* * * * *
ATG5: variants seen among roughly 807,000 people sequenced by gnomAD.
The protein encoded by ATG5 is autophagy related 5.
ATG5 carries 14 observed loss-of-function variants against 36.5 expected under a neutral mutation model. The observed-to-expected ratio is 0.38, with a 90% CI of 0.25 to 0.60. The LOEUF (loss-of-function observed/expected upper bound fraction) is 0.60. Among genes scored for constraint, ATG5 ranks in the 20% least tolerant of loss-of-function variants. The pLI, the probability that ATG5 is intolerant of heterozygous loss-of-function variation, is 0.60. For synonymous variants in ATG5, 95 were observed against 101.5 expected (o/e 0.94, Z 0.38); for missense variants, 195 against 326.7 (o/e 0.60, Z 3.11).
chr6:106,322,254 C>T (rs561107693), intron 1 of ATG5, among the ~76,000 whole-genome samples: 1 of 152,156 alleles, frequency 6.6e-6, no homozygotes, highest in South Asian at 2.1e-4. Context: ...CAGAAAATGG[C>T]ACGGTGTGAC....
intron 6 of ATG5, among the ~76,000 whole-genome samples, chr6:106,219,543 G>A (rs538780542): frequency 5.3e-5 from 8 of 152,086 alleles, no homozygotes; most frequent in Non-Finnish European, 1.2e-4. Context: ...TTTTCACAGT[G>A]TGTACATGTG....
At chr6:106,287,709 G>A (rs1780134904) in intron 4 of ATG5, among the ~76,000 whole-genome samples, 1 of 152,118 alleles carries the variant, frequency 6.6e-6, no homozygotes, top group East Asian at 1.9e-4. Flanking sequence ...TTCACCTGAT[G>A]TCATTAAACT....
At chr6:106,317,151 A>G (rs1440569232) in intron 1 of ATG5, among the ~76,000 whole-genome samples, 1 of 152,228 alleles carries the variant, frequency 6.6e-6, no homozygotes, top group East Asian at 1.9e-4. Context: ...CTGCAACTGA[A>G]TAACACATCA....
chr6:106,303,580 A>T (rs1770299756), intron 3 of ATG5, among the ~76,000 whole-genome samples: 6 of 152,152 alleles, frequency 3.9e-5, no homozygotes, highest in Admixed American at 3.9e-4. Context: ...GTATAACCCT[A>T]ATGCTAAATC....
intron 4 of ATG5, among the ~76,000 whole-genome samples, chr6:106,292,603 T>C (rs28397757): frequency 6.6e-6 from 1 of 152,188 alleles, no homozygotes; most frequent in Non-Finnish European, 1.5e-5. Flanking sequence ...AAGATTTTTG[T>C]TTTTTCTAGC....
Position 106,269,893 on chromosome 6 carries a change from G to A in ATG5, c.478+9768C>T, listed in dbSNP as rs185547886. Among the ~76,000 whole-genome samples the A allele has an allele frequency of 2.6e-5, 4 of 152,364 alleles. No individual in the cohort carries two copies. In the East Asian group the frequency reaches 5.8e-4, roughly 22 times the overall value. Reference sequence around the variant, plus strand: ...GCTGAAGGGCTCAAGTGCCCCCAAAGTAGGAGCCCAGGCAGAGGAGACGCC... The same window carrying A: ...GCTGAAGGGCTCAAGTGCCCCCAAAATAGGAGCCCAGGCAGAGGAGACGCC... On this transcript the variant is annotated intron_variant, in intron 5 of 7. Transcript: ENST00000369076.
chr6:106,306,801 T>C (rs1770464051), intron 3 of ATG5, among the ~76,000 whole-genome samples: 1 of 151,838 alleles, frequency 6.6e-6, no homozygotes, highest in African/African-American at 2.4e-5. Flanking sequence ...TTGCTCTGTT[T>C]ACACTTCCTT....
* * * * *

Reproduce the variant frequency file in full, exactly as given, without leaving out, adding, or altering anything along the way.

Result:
ATG5: variants seen among roughly 807,000 people sequenced by gnomAD.
The protein encoded by ATG5 is autophagy related 5.
ATG5 carries 14 observed loss-of-function variants against 36.5 expected under a neutral mutation model. The observed-to-expected ratio is 0.38, with a 90% CI of 0.25 to 0.60. The LOEUF (loss-of-function observed/expected upper bound fraction) is 0.60. Among genes scored for constraint, ATG5 ranks in the 20% least tolerant of loss-of-function variants. The pLI, the probability that ATG5 is intolerant of heterozygous loss-of-function variation, is 0.60. For synonymous variants in ATG5, 95 were observed against 101.5 expected (o/e 0.94, Z 0.38); for missense variants, 195 against 326.7 (o/e 0.60, Z 3.11).
chr6:106,322,254 C>T (rs561107693), intron 1 of ATG5, among the ~76,000 whole-genome samples: 1 of 152,156 alleles, frequency 6.6e-6, no homozygotes, highest in South Asian at 2.1e-4. Context: ...CAGAAAATGG[C>T]ACGGTGTGAC....
intron 6 of ATG5, among the ~76,000 whole-genome samples, chr6:106,219,543 G>A (rs538780542): frequency 5.3e-5 from 8 of 152,086 alleles, no homozygotes; most frequent in Non-Finnish European, 1.2e-4. Context: ...TTTTCACAGT[G>A]TGTACATGTG....
At chr6:106,287,709 G>A (rs1780134904) in intron 4 of ATG5, among the ~76,000 whole-genome samples, 1 of 152,118 alleles carries the variant, frequency 6.6e-6, no homozygotes, top group East Asian at 1.9e-4. Flanking sequence ...TTCACCTGAT[G>A]TCATTAAACT....
At chr6:106,317,151 A>G (rs1440569232) in intron 1 of ATG5, among the ~76,000 whole-genome samples, 1 of 152,228 alleles carries the variant, frequency 6.6e-6, no homozygotes, top group East Asian at 1.9e-4. Context: ...CTGCAACTGA[A>G]TAACACATCA....
chr6:106,303,580 A>T (rs1770299756), intron 3 of ATG5, among the ~76,000 whole-genome samples: 6 of 152,152 alleles, frequency 3.9e-5, no homozygotes, highest in Admixed American at 3.9e-4. Context: ...GTATAACCCT[A>T]ATGCTAAATC....
intron 4 of ATG5, among the ~76,000 whole-genome samples, chr6:106,292,603 T>C (rs28397757): frequency 6.6e-6 from 1 of 152,188 alleles, no homozygotes; most frequent in Non-Finnish European, 1.5e-5. Flanking sequence ...AAGATTTTTG[T>C]TTTTTCTAGC....
Position 106,269,893 on chromosome 6 carries a change from G to A in ATG5, c.478+9768C>T, listed in dbSNP as rs185547886. Among the ~76,000 whole-genome samples the A allele has an allele frequency of 2.6e-5, 4 of 152,364 alleles. No individual in the cohort carries two copies. In the East Asian group the frequency reaches 5.8e-4, roughly 22 times the overall value. Reference sequence around the variant, plus strand: ...GCTGAAGGGCTCAAGTGCCCCCAAAGTAGGAGCCCAGGCAGAGGAGACGCC... The same window carrying A: ...GCTGAAGGGCTCAAGTGCCCCCAAAATAGGAGCCCAGGCAGAGGAGACGCC... On this transcript the variant is annotated intron_variant, in intron 5 of 7. Transcript: ENST00000369076.
chr6:106,306,801 T>C (rs1770464051), intron 3 of ATG5, among the ~76,000 whole-genome samples: 1 of 151,838 alleles, frequency 6.6e-6, no homozygotes, highest in African/African-American at 2.4e-5. Flanking sequence ...TTGCTCTGTT[T>C]ACACTTCCTT....